a

Latest Posts:

Sorry, no posts matched your criteria.

Follow Us:

Back To Top

Argentina

“Kat-er-in, squeeze ze knees, grab ze hair, hold on tight and laugh out loud” These instructions were certainly not what I remembered of pony camp. My horse Argo was chomping at the bit, eager to follow in the hoofs that had just galloped off leaving a trail of dust in their wake. My guide Santiago untied us from the tree and following his instructions, with a loud “Hup” we took off after the rest of the group. It was exhilarating and as I caught up with the Argentinian cowboys, our guides for the next three days, I felt like we were starring in a wild west movie.

 

We were 30 minutes outside the adventure capital of Argentina, Bariloche, in stunning surroundings,at the foothills of the Andes. Travellers primarily come to this part of the world to take part in any sport that raises the heart beat; paragliding, adventure skiing, rafting, hiking, horse riding and it was the latter that we had chosen to do. When I think of Argentina, I think of steak and Malbec, two of my favourite things on the planet! But Argentina is also famous for it’s horses and the cowboys who ride them in this part of the world and known as Gauchos. There are endless adventure companies you can book with in the town of Bariloche and we chose to do our trip with Bastion Del Manso. Three girls heading off into the wilderness accompanied by five Gauchos, for three days and two nights sounded like the makings of a great adventure to us!

 

The sun was beaming on the rolling green hills, with snow glistening on the distant peaks all around us. There were no paths, or roads, or fences just the wide open space under a vast expanse of sky. Because we were all confident on horseback we walked, trotted and galloped throughout the afternoon but you certainly don’t have to be John Wayne to join up with a group. The company takes people of all levels but it does help if you’ve had even minimal riding experience.

 

Our first night was spent in an open cabin in a small wood. Once the horses were tied up, wood was gathered and a blazing fire warmed our cold feet. A whole side of cow was unrolled from Philippes satchel. It was skewered and left to cook vertically in the heat of the fire. Malbec was poured and we sat around as the guys, Philipe, Santiago, Juan Carlitos and Paulo and told us a little of the history of the Gauchos; nomadic riders who lived by hunting wild cattle all across the great plains of Argentina, Uruguay and southern Brazil known as the Pampas. As the regaled their stories a round of Matte, their native herbal tea was passed around. It is served in a hollow wooden gourd and drunk through a metal straw called a bambillo. Juan produced a guitar and the sing song began that didn’t finish until the fire died down and we all had to climb into our sleeping bags to fend off the cold night.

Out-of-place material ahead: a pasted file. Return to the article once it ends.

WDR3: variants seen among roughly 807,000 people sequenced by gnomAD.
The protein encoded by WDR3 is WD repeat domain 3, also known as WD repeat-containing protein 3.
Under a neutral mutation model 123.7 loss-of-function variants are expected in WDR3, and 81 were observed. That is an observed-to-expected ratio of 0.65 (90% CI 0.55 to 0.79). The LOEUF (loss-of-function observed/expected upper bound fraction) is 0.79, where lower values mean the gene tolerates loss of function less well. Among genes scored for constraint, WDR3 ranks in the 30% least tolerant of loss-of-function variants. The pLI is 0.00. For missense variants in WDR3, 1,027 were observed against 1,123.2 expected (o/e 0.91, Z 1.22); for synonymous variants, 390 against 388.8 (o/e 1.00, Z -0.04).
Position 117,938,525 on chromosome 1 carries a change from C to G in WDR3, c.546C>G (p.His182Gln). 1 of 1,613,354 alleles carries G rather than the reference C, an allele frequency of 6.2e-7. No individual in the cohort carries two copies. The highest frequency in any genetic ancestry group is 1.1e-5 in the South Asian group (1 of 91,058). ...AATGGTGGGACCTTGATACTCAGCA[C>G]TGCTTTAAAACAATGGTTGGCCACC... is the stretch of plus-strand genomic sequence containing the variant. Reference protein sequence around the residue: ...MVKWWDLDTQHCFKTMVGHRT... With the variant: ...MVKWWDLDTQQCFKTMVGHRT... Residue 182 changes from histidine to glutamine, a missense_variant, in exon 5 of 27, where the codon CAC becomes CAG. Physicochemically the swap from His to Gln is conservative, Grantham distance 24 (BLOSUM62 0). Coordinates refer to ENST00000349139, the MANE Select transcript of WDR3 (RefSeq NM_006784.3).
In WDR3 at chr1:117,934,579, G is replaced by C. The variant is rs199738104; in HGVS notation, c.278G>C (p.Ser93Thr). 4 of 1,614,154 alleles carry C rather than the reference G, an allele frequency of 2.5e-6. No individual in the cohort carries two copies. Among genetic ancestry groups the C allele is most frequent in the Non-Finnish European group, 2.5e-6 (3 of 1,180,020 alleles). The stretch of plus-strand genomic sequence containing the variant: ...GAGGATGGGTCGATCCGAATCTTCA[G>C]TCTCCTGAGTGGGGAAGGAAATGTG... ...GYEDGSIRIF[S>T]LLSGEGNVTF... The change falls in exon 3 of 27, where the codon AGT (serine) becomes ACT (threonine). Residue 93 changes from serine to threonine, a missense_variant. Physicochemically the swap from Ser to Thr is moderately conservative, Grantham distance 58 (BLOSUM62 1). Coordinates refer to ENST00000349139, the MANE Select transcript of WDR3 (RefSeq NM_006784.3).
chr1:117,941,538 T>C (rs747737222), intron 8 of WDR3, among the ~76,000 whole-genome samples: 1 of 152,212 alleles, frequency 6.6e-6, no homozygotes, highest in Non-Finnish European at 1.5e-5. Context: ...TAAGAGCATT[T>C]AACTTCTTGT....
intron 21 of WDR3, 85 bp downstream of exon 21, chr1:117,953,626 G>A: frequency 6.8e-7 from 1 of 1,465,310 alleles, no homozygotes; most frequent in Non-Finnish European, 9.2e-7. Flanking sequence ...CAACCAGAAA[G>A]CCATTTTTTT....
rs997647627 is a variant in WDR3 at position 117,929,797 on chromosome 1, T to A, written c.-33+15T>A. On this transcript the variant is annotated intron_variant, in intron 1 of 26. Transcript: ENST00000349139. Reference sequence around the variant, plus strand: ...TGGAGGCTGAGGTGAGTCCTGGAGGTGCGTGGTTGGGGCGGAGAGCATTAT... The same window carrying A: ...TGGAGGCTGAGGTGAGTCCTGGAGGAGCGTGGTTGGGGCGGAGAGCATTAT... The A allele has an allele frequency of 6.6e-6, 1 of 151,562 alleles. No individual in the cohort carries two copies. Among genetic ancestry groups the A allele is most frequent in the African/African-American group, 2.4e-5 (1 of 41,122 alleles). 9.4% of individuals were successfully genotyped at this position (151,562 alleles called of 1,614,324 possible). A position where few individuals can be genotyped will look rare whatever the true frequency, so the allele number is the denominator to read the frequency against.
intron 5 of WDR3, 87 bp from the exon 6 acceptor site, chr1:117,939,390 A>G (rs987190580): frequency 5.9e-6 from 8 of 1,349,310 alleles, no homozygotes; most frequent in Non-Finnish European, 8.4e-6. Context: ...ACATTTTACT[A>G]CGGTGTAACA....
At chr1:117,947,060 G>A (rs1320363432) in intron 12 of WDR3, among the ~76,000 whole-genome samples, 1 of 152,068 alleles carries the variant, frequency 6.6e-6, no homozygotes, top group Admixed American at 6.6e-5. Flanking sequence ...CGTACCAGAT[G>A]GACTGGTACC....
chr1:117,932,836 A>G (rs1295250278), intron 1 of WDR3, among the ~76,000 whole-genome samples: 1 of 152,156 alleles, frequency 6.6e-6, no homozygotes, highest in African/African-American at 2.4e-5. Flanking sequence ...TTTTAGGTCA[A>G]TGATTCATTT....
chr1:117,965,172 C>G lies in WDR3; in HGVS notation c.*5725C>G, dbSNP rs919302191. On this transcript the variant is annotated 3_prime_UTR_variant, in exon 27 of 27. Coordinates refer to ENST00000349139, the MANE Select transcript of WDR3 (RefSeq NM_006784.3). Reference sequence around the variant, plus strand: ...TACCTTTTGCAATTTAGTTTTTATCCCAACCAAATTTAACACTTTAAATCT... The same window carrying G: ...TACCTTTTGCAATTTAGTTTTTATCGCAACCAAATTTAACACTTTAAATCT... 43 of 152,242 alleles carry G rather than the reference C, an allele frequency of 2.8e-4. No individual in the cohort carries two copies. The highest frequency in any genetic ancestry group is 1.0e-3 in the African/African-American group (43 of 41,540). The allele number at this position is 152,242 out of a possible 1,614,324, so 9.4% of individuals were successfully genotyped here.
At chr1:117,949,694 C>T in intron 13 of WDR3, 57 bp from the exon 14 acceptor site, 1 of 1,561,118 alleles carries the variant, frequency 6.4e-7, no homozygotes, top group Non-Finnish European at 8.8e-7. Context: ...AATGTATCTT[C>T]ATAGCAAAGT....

Up early the following morning we began our five hour trek to the Chilean border to visit the home of Carlitos grandparents. The sun was shining, and the open space seemed to go on forever as we crossed one cobalt blue glacial stream after another. Climbing a steep hill, Carlitos informed us we had reached the Chilean border. The only way of knowing this was when we had our passports stamped at a tiny wooden hut in the middle of nowhere by a patrol guard who looked like we had woken him from a slumber Rip Van Winkle would be proud of. A few hundred metres away Carlitos grandmother and grandfather were waiting at the door of their wooden house as we dismounted and tied up our horses. There was a sign in the garden marking the international border, one side which said ‘Argentina’, the other ‘Chile’ which meant that the old couples house and garden were in two separate countries!

 

After a huge feed (in the same way your own Granny would feed you when you come to visit!), in the warmth of her kitchen, we all retired to our tents tired and happy before the long trek back to Bariloche the following day.

 

It was an amazing few days made up by the warmth and hospitality of the local Argentinians who escorted us, the incredible scenery and the sense of freedom wide open spaces invoke. If you’re planning a trip to South America, I highly recommend you try it. Salute!!

 

Tip
There are many agents/operators offering deals to Argentina from Ireland and it’s worth spending a lot of time researching your options. To fly from Buenos Aires to Bariloche it is generally cheaper to book locally when you get there. For good value, internal flights check out www.aerolineas.com.ar

 

If your trip is less than 90 days, no visa is required.

Date: